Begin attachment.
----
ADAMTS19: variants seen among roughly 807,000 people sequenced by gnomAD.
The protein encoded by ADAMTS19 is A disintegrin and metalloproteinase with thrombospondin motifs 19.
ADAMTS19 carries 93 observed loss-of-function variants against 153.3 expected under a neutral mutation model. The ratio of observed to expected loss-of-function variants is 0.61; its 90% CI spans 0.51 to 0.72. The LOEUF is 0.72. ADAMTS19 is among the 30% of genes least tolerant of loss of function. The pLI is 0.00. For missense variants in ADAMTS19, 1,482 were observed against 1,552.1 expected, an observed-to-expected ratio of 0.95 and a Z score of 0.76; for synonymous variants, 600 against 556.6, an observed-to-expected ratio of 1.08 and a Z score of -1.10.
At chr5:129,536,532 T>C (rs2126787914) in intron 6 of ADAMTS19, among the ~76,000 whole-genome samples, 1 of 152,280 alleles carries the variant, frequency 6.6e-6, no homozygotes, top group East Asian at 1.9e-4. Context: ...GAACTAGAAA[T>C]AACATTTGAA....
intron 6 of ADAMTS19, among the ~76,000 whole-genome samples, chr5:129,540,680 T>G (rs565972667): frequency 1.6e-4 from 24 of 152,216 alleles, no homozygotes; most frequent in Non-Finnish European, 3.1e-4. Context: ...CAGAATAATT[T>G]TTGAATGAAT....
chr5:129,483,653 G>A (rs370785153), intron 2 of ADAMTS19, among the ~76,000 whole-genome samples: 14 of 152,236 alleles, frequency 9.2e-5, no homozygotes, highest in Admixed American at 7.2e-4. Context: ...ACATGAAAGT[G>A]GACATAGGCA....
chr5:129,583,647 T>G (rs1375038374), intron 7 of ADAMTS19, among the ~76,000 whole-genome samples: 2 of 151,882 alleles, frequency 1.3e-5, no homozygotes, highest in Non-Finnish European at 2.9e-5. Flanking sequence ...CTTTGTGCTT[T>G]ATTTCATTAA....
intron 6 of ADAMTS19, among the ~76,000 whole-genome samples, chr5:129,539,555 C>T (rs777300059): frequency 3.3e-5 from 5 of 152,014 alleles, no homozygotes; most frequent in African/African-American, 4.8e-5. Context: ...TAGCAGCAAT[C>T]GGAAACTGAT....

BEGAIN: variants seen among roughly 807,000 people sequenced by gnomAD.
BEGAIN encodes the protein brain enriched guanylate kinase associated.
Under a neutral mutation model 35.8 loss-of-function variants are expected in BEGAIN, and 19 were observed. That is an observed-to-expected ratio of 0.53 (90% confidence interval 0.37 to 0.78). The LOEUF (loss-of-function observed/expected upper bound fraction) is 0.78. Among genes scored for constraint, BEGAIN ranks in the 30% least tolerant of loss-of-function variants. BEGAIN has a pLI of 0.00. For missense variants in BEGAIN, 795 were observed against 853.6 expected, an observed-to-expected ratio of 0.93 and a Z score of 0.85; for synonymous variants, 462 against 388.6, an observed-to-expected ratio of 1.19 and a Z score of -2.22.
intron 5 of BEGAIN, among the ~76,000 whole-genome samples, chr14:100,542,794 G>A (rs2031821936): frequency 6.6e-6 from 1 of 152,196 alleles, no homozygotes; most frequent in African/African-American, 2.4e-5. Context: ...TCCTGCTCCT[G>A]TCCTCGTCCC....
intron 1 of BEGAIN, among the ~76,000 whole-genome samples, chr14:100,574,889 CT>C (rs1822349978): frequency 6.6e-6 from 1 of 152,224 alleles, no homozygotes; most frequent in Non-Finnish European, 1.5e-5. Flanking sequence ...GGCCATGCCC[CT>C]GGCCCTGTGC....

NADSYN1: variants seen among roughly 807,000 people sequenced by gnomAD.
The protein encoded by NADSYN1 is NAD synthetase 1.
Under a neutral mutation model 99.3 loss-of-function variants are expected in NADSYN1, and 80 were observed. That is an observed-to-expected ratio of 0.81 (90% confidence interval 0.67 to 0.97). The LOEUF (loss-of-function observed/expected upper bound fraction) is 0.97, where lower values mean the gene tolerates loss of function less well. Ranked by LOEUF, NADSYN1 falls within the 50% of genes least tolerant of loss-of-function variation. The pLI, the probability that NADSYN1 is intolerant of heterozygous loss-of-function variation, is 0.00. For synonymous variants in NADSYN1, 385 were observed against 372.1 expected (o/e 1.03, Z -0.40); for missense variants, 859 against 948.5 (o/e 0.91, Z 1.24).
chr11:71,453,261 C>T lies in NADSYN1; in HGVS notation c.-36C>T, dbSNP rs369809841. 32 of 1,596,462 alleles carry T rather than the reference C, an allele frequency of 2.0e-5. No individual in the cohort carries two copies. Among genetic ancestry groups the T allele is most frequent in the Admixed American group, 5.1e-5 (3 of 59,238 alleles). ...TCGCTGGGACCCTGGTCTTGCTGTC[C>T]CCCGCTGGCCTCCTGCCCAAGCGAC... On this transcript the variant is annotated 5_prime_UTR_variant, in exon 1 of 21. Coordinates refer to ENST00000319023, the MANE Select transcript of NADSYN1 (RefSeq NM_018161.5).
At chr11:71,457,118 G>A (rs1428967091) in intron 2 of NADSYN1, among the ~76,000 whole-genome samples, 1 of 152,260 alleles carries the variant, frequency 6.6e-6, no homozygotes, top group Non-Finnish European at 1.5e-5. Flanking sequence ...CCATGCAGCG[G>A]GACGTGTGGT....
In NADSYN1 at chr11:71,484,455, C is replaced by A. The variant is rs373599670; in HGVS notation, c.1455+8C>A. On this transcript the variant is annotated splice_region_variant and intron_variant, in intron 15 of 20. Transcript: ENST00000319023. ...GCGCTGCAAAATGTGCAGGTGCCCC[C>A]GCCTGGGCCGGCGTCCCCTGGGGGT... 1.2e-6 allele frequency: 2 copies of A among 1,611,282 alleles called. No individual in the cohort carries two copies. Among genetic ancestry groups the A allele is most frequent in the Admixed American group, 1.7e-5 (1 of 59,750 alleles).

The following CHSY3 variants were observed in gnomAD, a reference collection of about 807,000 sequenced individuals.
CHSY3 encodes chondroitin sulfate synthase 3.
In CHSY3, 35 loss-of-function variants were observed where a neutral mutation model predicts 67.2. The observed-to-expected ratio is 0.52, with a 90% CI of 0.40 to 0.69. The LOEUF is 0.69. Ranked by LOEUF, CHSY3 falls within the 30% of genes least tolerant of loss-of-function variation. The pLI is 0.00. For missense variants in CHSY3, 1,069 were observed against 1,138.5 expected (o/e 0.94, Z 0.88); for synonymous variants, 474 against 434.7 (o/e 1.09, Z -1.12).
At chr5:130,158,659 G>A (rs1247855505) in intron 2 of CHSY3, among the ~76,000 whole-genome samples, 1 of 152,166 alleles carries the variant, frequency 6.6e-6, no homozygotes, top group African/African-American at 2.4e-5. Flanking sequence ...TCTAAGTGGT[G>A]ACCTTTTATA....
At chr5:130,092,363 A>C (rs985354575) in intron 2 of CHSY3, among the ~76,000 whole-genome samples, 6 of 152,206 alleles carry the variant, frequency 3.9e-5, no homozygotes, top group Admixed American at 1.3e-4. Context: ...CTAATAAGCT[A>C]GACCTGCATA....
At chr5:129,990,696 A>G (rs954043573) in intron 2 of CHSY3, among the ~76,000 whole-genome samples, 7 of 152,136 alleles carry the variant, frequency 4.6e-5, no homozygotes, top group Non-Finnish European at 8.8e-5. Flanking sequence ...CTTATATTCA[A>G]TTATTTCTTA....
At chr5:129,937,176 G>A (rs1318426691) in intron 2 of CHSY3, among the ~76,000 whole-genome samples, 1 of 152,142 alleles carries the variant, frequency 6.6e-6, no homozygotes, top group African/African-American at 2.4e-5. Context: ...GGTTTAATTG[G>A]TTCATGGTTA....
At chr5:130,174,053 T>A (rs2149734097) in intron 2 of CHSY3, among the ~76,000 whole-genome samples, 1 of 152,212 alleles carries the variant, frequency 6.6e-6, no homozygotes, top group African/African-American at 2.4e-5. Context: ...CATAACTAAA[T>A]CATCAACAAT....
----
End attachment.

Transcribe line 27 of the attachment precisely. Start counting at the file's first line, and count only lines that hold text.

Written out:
At chr5:130,174,053 T>A (rs2149734097) in intron 2 of CHSY3, among the ~76,000 whole-genome samples, 1 of 152,212 alleles carries the variant, frequency 6.6e-6, no homozygotes, top group African/African-American at 2.4e-5. Context: ...CATAACTAAA[T>A]CATCAACAAT....